A Mid-Century Tour of California

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America’s West Coast in general, and California in particular, is an absolute treasure trove of modernist architecture. Tucked away between towering redwoods or perched on cliffs above the ocean, the Golden State is full of remarkable, experimental mid-century constructions.

California is home to some of the greatest designs from some of the most famous architects of the 20th century, like Charles and Ray Eames, Rudolph Schindler, and Frank Lloyd Wright. As a result, it is the perfect place for architecture fans to explore.

Modernist architects designed buildings that combined indoor and outdoor spaces, created to embrace the future and celebrate the future. So in the spirit of looking forward to good times ahead when LA cruising is back and the world is fully open once more, here are some of the most exciting gems of California’s mid-century delights.

Palm Springs: Miller House

The Miller house was designed and built as a combination home and exercise studio for Grace Lewis Miller, a famed therapist operating in California in the mid-20th century. It was created to fully provide for her specific needs and daily life, incorporating routine habits and therapeutic clients. As one of the first modern desert houses, it is innovative in bringing together and incorporating function, form, and natural environment.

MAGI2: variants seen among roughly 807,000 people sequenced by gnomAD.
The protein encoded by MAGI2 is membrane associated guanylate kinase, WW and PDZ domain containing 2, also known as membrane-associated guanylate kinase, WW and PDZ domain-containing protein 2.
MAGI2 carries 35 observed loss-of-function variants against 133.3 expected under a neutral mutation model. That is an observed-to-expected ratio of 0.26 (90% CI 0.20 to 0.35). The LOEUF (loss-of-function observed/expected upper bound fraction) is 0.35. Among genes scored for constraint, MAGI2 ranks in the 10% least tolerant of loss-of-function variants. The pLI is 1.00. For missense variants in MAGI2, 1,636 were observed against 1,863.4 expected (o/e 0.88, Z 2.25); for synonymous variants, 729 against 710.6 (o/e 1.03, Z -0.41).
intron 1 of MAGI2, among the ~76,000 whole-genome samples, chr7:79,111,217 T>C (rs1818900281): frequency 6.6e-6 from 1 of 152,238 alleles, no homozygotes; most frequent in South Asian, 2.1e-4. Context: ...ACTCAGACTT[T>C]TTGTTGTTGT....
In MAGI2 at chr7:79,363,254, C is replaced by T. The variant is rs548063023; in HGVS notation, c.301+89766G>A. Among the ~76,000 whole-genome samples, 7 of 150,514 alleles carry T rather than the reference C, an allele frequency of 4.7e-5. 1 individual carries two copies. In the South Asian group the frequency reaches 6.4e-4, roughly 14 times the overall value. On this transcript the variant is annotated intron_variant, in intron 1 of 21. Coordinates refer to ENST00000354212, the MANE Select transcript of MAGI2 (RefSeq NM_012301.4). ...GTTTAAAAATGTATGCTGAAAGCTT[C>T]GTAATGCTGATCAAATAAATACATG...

Los Angeles: Casa de Cadillac, San Fernando Valley

This glitzy, glamorous, temple to car culture evokes a simple, more elegant time, the Golden Age of Cinema, and Los Angeles’ finest era. It is a great example of ‘Googie’ style, a movement that swept the American consciousness as car culture blossomed, the space race got into full swing, and man split the atom. The ‘Casa’ itself is designed to call to mind the sophistication of a movie set, draw the eye to the curves and shimmer of the Cadillacs themselves, and tempt you inside with the promise of beauty and excitement.

San Francisco: Wild Bird, Big Sur

Perched on the cliffs above Big Sur, Wild Bird is a glorious melding of concrete and nature, of land and ocean, and of modern society and the wilderness. It has a vulnerable, exposed feeling that compliments the natural beauty of its surroundings perfectly.

San Diego: Salk Institute, La Jolla

Founded by Jonas Salk, the inventor of the polio vaccine, the Salk Institute remains a center of Nobel Prize-winning research to this day. The aim of the design was to attract the best and brightest to this cathedral of science, and Louis Kahn and Luis Barragán’s fascinating creation does just that.

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Bella Duckworth

Bella Duckworth

Total posts created: 2248
“Architecture is really about well-being. I think that people want to feel good in a space… On the one hand, it’s about shelter, but it’s also about pleasure.” – Zaha Hadid

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